An eye condition that results in changes to the blood vessels within the retina is known as diabetic retinopathy. The retina is the lining in the back of your eye that transitions light into images. However, these blood vessels may leak fluid, bleed, or even swell, resulting in changes in your vision or even blindness. Usually, both eyes are affected. If it is not treated promptly, your retina can suffer from scarring and other damage. That's why it's essential to maintain routine eye exams to diagnose diabetic retinopathy before symptoms set in. We provide the exams and treatment needed for diabetic retinopathy here at Palmetto Eye in Rock Hill, SC.
Causes and Symptoms
High blood sugar that is high for a long period of time can cause a blockage in the small blood vessels in the eye that work to keep your retina healthy. As a result, your eye will attempt to grow new blood vessels but will not develop normally. Instead, they will begin to weaken and leak fluid and blood into your retina. This can lead to a condition known as macular edema, which can result in blurry vision. More blood vessels can become blocked as your condition progresses. Scar tissue will begin to form, resulting in pressure which can cause retinal detachment or tearing.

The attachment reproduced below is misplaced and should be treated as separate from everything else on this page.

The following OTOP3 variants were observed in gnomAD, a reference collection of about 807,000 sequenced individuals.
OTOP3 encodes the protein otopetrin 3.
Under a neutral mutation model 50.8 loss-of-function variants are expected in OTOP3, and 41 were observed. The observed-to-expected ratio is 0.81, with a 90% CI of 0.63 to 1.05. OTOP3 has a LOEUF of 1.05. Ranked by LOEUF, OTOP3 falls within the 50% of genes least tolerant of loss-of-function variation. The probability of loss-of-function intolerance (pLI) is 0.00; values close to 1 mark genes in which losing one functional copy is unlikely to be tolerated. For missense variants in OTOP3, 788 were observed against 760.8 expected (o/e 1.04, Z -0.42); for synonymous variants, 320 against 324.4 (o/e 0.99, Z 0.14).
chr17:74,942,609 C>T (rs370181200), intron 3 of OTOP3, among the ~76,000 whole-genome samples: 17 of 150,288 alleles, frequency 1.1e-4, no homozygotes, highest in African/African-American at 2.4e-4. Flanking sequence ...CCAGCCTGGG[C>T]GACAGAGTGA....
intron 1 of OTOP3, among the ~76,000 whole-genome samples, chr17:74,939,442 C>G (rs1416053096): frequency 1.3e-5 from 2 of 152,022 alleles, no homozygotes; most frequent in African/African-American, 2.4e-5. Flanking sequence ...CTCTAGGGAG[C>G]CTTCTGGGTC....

It is possible not to notice any signs in the beginning stages of diabetic retinopathy. However, as the condition begins to worsen, you may notice symptoms such as:
- Blurry vision
- Black spots or holes in your vision
- Small spots or floaters in your vision resulting from bleeding
- Inability to see colors
- Loss of central vision, which is needed to drive and read
Our optometrists will be able to diagnose diabetic retinopathy during an eye exam. One of our eye doctors will perform a pupil dilation to look for any changes within your eye's blood vessels and check for any new growths and retinal detachment. We may also perform a fluorescein angiogram. This test is used to determine if you have severe diabetic retinopathy. It will show if any blood vessels in your eyes are damaged or leaking.
Medications may be prescribed to stop the growth of new blood vessels, decrease fluid buildup, or relieve other symptoms. If surgery is necessary, our team will recommend an experienced ophthalmologist for the procedure and provide pre- and post-op care. Other treatment options for diabetic retinopathy include:
- Anti-VEGF injections- These injections can reverse the blood vessel growths that are present and lower the buildup of fluid in your retina.
- Corticosteroids- These can either be injected or implanted into your eye. These are available for both short-term and long-term treatments.
Contact Us for Your Next Eye Exam in Rock Hill, SC
At Palmetto Eye, we understand how important it is to maintain proper eye care, especially when you have diabetes. Our team is highly experienced and committed to ensuring you maintain your vision and eliminate the risk of developing vision loss or other associated complications. Call our Rock Hill clinic today to learn more about how we can help.